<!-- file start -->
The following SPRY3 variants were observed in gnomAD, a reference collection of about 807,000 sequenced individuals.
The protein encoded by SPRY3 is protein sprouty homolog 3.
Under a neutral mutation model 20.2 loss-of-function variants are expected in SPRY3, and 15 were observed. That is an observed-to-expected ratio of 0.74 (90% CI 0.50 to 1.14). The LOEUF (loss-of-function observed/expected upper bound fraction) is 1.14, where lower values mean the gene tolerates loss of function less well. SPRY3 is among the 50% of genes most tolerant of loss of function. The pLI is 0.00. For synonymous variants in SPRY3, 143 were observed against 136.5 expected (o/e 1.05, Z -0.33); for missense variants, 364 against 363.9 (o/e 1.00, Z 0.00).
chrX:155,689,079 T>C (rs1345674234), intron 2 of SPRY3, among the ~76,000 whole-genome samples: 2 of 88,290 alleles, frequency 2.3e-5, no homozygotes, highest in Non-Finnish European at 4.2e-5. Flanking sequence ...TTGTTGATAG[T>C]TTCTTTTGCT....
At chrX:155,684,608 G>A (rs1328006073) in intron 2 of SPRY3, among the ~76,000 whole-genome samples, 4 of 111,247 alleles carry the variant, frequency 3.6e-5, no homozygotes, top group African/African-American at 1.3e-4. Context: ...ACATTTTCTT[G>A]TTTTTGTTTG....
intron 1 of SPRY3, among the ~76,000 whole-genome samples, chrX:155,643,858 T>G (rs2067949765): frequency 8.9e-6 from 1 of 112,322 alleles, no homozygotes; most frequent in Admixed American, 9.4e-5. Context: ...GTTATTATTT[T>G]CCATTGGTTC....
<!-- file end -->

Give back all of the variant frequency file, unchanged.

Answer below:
The following SPRY3 variants were observed in gnomAD, a reference collection of about 807,000 sequenced individuals.
The protein encoded by SPRY3 is protein sprouty homolog 3.
Under a neutral mutation model 20.2 loss-of-function variants are expected in SPRY3, and 15 were observed. That is an observed-to-expected ratio of 0.74 (90% CI 0.50 to 1.14). The LOEUF (loss-of-function observed/expected upper bound fraction) is 1.14, where lower values mean the gene tolerates loss of function less well. SPRY3 is among the 50% of genes most tolerant of loss of function. The pLI is 0.00. For synonymous variants in SPRY3, 143 were observed against 136.5 expected (o/e 1.05, Z -0.33); for missense variants, 364 against 363.9 (o/e 1.00, Z 0.00).
chrX:155,689,079 T>C (rs1345674234), intron 2 of SPRY3, among the ~76,000 whole-genome samples: 2 of 88,290 alleles, frequency 2.3e-5, no homozygotes, highest in Non-Finnish European at 4.2e-5. Flanking sequence ...TTGTTGATAG[T>C]TTCTTTTGCT....
At chrX:155,684,608 G>A (rs1328006073) in intron 2 of SPRY3, among the ~76,000 whole-genome samples, 4 of 111,247 alleles carry the variant, frequency 3.6e-5, no homozygotes, top group African/African-American at 1.3e-4. Context: ...ACATTTTCTT[G>A]TTTTTGTTTG....
intron 1 of SPRY3, among the ~76,000 whole-genome samples, chrX:155,643,858 T>G (rs2067949765): frequency 8.9e-6 from 1 of 112,322 alleles, no homozygotes; most frequent in Admixed American, 9.4e-5. Context: ...GTTATTATTT[T>G]CCATTGGTTC....